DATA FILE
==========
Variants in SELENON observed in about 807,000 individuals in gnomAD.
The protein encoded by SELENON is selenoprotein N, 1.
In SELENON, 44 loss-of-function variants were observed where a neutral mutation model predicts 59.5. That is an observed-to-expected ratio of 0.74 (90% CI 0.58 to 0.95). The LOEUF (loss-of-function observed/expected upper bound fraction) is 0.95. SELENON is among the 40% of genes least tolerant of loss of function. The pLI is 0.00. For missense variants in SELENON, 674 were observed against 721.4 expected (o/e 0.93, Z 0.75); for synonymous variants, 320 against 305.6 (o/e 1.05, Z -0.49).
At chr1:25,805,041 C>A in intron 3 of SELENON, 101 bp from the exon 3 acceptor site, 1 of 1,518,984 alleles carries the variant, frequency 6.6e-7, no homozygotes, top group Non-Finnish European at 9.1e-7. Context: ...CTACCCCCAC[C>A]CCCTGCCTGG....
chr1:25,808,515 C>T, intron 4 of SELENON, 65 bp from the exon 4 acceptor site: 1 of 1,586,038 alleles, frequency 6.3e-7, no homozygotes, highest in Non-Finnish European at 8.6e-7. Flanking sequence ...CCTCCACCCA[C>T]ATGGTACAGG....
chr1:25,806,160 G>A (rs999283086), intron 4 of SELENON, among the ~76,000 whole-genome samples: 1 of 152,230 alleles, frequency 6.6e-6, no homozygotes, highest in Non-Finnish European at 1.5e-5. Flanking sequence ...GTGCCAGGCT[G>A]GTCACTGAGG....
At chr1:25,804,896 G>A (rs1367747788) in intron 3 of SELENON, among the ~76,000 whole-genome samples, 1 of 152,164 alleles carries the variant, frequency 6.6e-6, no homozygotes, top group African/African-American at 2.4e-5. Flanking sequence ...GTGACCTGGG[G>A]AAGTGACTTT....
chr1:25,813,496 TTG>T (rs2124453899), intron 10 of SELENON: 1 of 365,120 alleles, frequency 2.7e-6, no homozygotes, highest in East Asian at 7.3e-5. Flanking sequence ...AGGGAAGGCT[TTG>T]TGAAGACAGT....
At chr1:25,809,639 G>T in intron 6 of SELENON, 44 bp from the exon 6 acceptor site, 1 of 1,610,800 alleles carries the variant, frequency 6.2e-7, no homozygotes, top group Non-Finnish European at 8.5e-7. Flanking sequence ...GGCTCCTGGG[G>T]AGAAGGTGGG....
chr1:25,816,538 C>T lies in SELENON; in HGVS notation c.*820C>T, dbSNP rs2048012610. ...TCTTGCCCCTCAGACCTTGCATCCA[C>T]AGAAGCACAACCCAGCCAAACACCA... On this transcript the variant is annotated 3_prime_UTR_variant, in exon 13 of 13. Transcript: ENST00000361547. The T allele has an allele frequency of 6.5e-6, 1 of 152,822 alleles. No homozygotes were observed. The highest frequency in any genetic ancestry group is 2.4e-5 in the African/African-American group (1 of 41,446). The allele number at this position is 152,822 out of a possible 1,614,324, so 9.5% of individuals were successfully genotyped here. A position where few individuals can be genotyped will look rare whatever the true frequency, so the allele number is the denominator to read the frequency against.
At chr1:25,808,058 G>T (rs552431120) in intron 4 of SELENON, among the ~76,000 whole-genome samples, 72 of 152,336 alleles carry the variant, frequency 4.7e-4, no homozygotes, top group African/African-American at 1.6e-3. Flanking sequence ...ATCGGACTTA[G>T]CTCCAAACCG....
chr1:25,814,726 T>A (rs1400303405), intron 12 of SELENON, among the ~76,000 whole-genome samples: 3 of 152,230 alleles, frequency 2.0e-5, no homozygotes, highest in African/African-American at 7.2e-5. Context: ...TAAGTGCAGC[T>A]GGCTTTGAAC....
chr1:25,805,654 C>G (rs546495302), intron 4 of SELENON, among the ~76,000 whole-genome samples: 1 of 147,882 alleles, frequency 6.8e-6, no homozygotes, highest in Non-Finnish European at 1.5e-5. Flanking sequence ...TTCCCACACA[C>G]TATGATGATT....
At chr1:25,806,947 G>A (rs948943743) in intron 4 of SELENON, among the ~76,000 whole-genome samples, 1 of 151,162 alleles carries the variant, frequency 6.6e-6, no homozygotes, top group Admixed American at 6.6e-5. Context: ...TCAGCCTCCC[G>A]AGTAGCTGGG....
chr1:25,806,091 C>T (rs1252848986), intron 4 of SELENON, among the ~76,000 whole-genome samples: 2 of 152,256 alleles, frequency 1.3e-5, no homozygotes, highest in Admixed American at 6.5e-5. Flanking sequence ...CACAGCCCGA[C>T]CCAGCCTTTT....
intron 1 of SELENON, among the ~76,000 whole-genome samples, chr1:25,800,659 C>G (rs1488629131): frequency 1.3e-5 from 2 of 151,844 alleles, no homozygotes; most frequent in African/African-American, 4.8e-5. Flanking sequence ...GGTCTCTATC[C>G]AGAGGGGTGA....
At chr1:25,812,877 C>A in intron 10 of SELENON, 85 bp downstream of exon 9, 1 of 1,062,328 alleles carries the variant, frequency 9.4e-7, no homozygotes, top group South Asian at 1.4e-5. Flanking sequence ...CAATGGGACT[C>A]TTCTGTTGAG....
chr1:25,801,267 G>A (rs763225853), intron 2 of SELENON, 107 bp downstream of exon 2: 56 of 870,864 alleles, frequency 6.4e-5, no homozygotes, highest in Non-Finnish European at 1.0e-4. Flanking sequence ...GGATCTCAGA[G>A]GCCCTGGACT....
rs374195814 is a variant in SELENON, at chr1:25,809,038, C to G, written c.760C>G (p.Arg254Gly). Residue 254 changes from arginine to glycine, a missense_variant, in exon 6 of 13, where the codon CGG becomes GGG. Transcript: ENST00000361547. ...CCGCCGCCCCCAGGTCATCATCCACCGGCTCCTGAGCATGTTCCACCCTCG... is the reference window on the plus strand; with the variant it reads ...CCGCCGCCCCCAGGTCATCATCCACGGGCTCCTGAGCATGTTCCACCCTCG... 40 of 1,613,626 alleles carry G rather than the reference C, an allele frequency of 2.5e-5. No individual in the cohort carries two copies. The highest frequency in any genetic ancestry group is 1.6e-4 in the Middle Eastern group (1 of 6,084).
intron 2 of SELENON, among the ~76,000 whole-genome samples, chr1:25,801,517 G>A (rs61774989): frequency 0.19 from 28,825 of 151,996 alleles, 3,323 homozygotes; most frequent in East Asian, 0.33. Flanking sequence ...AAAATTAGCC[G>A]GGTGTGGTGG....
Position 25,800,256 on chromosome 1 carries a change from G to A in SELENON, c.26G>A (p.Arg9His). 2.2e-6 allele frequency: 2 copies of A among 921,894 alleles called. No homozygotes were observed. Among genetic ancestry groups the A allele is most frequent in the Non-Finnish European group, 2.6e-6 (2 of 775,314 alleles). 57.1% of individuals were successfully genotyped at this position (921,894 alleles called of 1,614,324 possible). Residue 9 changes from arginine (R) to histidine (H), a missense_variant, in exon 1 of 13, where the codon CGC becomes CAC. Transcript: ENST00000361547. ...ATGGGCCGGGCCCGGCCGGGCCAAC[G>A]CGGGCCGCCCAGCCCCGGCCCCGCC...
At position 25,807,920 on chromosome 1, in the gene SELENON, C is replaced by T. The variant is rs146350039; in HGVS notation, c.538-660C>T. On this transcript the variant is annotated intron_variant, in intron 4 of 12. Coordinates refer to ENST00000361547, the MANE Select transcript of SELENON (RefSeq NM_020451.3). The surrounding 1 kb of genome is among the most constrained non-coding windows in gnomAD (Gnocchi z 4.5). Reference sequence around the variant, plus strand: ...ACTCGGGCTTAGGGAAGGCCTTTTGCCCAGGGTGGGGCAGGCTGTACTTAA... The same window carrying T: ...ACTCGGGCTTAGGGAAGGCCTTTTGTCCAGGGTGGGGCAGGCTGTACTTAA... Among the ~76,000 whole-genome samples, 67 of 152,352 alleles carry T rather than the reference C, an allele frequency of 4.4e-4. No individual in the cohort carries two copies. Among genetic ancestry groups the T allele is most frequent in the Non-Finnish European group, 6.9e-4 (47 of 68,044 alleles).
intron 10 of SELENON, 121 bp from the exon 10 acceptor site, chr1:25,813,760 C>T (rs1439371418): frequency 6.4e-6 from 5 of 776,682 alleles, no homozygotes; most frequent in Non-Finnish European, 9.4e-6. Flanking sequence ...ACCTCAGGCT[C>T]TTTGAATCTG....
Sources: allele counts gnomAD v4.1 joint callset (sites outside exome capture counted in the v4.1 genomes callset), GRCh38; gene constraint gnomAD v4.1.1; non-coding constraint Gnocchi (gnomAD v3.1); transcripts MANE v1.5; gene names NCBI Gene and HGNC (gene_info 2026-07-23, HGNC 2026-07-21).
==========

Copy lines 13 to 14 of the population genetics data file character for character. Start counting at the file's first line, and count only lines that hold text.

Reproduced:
chr1:25,805,654 C>G (rs546495302), intron 4 of SELENON, among the ~76,000 whole-genome samples: 1 of 147,882 alleles, frequency 6.8e-6, no homozygotes, highest in Non-Finnish European at 1.5e-5. Flanking sequence ...TTCCCACACA[C>G]TATGATGATT....
At chr1:25,806,947 G>A (rs948943743) in intron 4 of SELENON, among the ~76,000 whole-genome samples, 1 of 151,162 alleles carries the variant, frequency 6.6e-6, no homozygotes, top group Admixed American at 6.6e-5. Context: ...TCAGCCTCCC[G>A]AGTAGCTGGG....